• Firstly he discusses at length the status of the FEA (which counsel for the defendants focused on) as well as a number of other actions pending in the Nigerian courts.
  • Of note is his observation at 234: ‘It is a fact material to the exercise of the court’s discretion on these applications that the Defendants in these proceedings rely upon the existence of the FEA as grounds for imposing a stay pursuant to Article 34 while at the same time SNEPCO is maintaining its root and branch opposition to the validity (as well as the factual merits) of the FEA.’
  • At 237 he notes the not carbon copy but nevertheless overlap between proceedings, at the level of claimants, defendants, and facts, but not the allegations of negligence and Rylands v Fletcher which are not directed at STASCO in the FEA proceedings. Of note is that he adds in fine that the potential problem of double recovery is simply an issue with which the English and Nigerian courts may have to grapple in due course.
  • At 241 he holds obiter that expediency is not met here for a stay would not reduce the risk of irreconcilable judgments. Here, the true nature of forum non (I realise of course A34 is only forum non light) re-emerges: the English proceedings will continue after the stay in all likelihood will have been lifted (there will continue to be a case to answer for STASCO). ‘(A)lthough the English court would afford due attention and respect to the findings of the Nigerian courts, the findings of the Nigerian courts in the FEA and the other actions would not bind the English court to make equivalent findings even on the most basic matters such as whether the December 2011 Spill reached land.’ However ‘in the light of the ruling by the Court of Appeal [in Privatbank, GAVC] that expediency is a theoretical concept, I will proceed on the assumptions (without deciding) that, for the purposes of Article 34, (a) the actions in Nigeria are related actions and (b) it is expedient to determine the related actions together to avoid the risk of irreconcilable judgment resulting from different proceedings.’
  • That leaves the question whether a stay is necessary for the ‘proper administration of justice.’
    • At 242 the elements of recital 24 are considered in turn. Stuart-Smith emphasises in particular that while the damage occurred in Nigeria, there is a strong international element that is alleged to give rise to a duty of care owed by STASCO to the Claimants; and he underlines the uncertainty as to the length of the Nigerian proceedings).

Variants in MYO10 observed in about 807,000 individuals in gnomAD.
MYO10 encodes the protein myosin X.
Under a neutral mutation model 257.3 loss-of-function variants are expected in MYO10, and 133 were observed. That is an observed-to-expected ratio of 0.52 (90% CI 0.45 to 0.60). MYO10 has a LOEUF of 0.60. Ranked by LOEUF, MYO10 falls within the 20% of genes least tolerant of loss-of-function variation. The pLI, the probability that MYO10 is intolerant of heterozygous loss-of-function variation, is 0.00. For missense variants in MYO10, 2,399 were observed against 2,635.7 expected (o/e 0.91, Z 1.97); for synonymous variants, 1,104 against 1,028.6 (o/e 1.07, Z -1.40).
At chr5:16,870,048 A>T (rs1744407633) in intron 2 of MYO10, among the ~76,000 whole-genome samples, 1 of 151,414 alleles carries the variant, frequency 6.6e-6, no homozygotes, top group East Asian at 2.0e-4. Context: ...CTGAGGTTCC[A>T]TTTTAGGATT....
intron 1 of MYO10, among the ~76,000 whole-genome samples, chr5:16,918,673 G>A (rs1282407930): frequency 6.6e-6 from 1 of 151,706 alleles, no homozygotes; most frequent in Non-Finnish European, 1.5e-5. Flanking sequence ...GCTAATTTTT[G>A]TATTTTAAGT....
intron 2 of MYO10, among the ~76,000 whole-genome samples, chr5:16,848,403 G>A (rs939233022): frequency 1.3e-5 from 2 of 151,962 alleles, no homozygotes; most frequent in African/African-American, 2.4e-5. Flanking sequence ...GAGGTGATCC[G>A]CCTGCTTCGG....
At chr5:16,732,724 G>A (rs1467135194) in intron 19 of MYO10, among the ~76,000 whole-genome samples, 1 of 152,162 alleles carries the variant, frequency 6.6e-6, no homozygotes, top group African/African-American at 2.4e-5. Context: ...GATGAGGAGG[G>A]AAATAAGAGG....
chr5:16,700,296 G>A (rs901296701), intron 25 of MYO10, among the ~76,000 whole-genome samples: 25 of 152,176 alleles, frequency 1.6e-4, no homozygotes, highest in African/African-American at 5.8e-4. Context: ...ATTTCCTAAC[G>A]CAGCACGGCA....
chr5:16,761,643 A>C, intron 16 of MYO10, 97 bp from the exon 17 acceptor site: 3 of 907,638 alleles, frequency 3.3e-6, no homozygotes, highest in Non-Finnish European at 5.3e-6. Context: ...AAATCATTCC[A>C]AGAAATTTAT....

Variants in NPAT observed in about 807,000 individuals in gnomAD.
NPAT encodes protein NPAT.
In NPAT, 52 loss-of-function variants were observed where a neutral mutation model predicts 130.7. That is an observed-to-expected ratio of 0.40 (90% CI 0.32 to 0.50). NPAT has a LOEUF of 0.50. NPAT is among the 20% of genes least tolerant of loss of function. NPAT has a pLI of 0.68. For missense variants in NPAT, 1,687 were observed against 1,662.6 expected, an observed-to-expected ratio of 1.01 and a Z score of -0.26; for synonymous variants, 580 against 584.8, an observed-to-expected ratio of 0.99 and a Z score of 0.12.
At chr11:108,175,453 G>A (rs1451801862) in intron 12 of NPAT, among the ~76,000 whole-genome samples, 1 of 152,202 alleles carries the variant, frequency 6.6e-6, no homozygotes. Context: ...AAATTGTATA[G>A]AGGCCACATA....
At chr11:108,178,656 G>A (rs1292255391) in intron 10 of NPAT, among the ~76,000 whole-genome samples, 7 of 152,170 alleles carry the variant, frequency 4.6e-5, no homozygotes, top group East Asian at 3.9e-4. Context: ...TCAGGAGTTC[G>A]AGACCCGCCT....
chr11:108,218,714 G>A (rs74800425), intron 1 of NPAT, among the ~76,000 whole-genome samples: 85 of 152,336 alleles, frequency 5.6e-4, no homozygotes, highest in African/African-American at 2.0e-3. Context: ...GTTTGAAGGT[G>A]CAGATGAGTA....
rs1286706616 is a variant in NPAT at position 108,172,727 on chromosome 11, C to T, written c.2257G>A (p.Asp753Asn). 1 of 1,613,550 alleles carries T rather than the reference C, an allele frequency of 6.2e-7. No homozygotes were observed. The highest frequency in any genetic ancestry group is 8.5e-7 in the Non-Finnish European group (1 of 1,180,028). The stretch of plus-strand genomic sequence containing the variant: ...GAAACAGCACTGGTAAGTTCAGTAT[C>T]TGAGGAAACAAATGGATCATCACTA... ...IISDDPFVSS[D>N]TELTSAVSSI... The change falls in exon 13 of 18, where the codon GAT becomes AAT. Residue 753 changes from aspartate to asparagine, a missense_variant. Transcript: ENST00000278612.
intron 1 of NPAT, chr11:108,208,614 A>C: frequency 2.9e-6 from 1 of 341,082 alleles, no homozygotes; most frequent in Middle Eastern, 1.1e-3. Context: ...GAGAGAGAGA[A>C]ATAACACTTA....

• At 245 he concludes that no stay is warranted: I shall recall the para in full (underlining is mine, as is the lay-out):
      • ‘Balancing these various considerations together, I am not satisfied that a stay is necessary for the proper administration of justice.
      • I start with the fact that jurisdiction is based on Article 4 and that it is contemplated that the proceedings against STASCO may continue after a temporary stay to await the progress of the Nigerian actions.
      • Second, the length of that stay is indeterminate whether one looks at the FEA or the other actions; but on any view it is likely to be measured in years rather than months, thereby rendering these Claimants’ claims (which were issued late) almost intolerably stale.
      • Third, a stay would prevent any steps being taken towards the resolution of the difficult limitation and other issues which the earlier parts of this judgment identify; and it would prevent any other steps being taken to ensure the swift and just progression of the English action if and when the stay is removed. That is, in my judgment, a major drawback: if and to the extent that there are valid (i.e. not statute-barred) claims to be pursued, there is a compelling interest of justice in their being pursued quickly. Otherwise, as is well known, there is a risk that valid claims may fall by the wayside simply because of the exorbitant passage of time.